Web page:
I’ve been neglecting my Hobo Gamer series for awhile. Of all the content I create, these sprawling, exhaustive game overviews take by far the most time and effort to research and create. Add on top that they’re not monetized in any way, and what you get is an incredibly potent recipe for apathy. It’s…
Intrepid Studios’ upcoming sandbox MMORPG Ashes of Creation is rapidly ascending my personal list of most anticipated titles. With a fairly unique design scheme promising persistent consequence at the very core of the game’s world design, Ashes of Creation is poised to scratch exactly the itch that got me into the genre in the first place.
I was lucky enough to have the chance to talk about the game with studio founder and Creative Directive Steven Sharif back in January when I first encountered the game. Now, with a few more months of development behind us, Steven is back with a lot more details on how exactly Ashes of Creation is building a world of consequence.
We had a great discussion in the MMORPG.com Slack chat last night – so great that we thought it was worth publishing. So we did!
Click through to the article to check out our conversation on what makes the MMORPG genre unique and what exactly it will take for an MMO to be successful in the future.
One of the biggest and most impactful changes to MMORPG design over the last decade is one that’s gotten remarkably little attention: the shift from skill based character progression to character level based progression. This was a shift that brought with it not just significant changes to the way characters are progressed and designed, but a mandate on the types of content that an MMO’s virtual world would offer going forward. As its grip on MMO design coalesced over time, I would argue that this mandate has largely resulted in consequences that did more harm than good.
So The Elder Scrolls Online just announced its first expansion, and naturally it’s already found itself entangled at the center of the game community’s drama du jour. Now as much I love to get into the ol’ whining on the internet, in this case, I find the drama a lot less interesting than the potential questions it raises.
Yesterday the Elder Scrolls Online announced its first expansion, Morrowind. I’ve long had a complicated relationship with the game, having played off-and-on since the very first beta we weren’t even allowed to tell anyone was happening. The relationship meandered off and on since then, from deciding to pass on the game at launch to eventually returning after, against all…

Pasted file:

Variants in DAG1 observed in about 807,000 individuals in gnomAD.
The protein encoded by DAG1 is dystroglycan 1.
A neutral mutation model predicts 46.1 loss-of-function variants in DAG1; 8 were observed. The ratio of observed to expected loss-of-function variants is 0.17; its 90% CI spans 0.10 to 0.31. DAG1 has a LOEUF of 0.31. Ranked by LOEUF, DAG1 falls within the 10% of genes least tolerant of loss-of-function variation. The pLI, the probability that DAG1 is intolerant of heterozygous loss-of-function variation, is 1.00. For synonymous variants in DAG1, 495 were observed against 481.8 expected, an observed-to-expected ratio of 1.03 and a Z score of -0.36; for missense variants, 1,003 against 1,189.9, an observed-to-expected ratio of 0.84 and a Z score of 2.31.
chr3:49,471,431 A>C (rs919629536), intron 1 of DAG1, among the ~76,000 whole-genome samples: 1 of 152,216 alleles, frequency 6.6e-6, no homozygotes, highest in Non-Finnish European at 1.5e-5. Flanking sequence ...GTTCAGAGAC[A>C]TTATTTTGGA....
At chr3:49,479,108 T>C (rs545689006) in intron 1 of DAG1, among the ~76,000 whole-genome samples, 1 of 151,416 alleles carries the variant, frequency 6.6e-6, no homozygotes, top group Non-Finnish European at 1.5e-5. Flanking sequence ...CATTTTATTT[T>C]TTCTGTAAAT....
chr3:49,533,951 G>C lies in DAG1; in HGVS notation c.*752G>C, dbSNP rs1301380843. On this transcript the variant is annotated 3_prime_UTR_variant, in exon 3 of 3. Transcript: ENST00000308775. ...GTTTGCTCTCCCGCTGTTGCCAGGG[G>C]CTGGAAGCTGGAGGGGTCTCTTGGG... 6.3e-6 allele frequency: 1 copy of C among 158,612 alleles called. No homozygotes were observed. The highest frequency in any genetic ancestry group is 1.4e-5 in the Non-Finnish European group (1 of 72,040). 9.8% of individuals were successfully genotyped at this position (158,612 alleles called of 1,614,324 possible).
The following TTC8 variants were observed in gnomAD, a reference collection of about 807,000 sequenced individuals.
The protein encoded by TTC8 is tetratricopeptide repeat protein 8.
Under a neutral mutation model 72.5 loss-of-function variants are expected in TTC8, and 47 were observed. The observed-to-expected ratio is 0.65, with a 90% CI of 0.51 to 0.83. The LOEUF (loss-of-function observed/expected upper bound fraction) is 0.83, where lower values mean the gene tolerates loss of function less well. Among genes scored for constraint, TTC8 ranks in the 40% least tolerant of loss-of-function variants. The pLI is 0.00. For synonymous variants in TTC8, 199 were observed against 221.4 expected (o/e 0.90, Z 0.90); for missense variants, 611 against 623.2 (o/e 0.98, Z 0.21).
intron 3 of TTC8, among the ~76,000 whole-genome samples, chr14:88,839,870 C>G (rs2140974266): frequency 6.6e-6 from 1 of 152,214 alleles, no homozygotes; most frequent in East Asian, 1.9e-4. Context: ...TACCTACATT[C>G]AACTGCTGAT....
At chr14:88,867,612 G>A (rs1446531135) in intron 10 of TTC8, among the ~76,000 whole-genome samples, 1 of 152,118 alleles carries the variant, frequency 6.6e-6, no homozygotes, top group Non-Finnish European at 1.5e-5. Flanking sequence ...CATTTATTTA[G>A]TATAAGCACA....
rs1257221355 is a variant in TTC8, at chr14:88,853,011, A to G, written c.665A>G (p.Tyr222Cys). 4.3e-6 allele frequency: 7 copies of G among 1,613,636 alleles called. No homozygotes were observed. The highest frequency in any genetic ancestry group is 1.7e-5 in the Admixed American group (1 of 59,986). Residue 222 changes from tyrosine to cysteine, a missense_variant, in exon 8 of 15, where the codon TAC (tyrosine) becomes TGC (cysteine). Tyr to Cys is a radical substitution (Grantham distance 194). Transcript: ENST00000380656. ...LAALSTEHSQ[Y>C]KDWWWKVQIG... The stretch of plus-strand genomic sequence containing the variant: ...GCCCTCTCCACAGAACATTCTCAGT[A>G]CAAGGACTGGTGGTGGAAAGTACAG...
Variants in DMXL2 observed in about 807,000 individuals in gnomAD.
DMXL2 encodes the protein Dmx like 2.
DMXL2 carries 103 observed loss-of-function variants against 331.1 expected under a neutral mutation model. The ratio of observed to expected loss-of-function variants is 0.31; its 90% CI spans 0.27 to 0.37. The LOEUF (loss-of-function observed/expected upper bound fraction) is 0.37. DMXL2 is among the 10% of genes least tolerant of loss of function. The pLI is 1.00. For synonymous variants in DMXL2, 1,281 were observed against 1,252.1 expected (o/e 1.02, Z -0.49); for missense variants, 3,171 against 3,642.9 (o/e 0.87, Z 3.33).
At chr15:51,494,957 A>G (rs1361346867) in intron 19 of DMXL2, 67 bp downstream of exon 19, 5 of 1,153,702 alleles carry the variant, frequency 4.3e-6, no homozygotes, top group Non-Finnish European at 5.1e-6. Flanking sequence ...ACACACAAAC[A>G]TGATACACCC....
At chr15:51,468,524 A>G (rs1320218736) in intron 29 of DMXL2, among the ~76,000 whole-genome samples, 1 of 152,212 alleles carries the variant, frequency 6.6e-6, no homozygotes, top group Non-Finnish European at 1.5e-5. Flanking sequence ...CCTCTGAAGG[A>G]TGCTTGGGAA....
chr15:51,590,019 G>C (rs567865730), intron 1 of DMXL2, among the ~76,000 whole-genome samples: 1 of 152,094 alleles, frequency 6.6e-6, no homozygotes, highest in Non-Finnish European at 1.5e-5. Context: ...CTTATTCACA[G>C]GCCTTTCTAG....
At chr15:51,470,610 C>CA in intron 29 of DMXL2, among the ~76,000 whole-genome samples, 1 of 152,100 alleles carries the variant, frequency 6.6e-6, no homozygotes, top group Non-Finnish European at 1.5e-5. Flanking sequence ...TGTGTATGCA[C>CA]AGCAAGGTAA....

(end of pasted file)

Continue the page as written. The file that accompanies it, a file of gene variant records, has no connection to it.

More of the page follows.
Final Fantasy XIV has long been the contemporary gap in my MMO resume, one made ever more conspicuous by how often it seems that people only have nice things to say about the damn game. So fuck it, I thought, and after handing in my capacity to grow facial hair for some cat ears, I dove right…
The honeymoon is over. I came, I saw, I floundered, and after a few blissful months reimmersed in my old Azerothian stomping grounds, I’ve found myself completely sapped of the will to carry on.
Turns out I’m hardly alone in this. The forums and social media communities have been aflutter with a consternation regarding the current state of the game. There’s been weeping, gnashing of teeth – you know, all the usual stuff. So where’s it all coming from?
It’s time for another bout of Isarii vs Monetization, the epic, windmill-tilting saga of one man shouting into a gale force of increasingly common industry practices. Today we return to The Elder Scrolls Online, a game uniquely dear to my heart as the original starting point of this whole internet wordsmithing thing, which has continued its ever-trundling encroachment into a quagmire of whale-hunting cash shop fuckery.
One of World of Warcraft: Legion’s signature features was the introduction of artifact weapons: powerful, lore-steeped items that would grow with players over the course of the expansion, gaining in power and abilities rather than simply being replaced with new drops over the course of the years-long campaign against the Burning Legion. With a weapon system introducing that level of permanence, the need for extensive customization follows, so each artifact weapon comes with a variety of unlockable skins in varying hues. Some feature straightforward unlock requirements: the completion of a quest or the fulfilling an achievement. But others are less straightforward, with even their very existence going undisclosed except to those with the data mining skills to find them.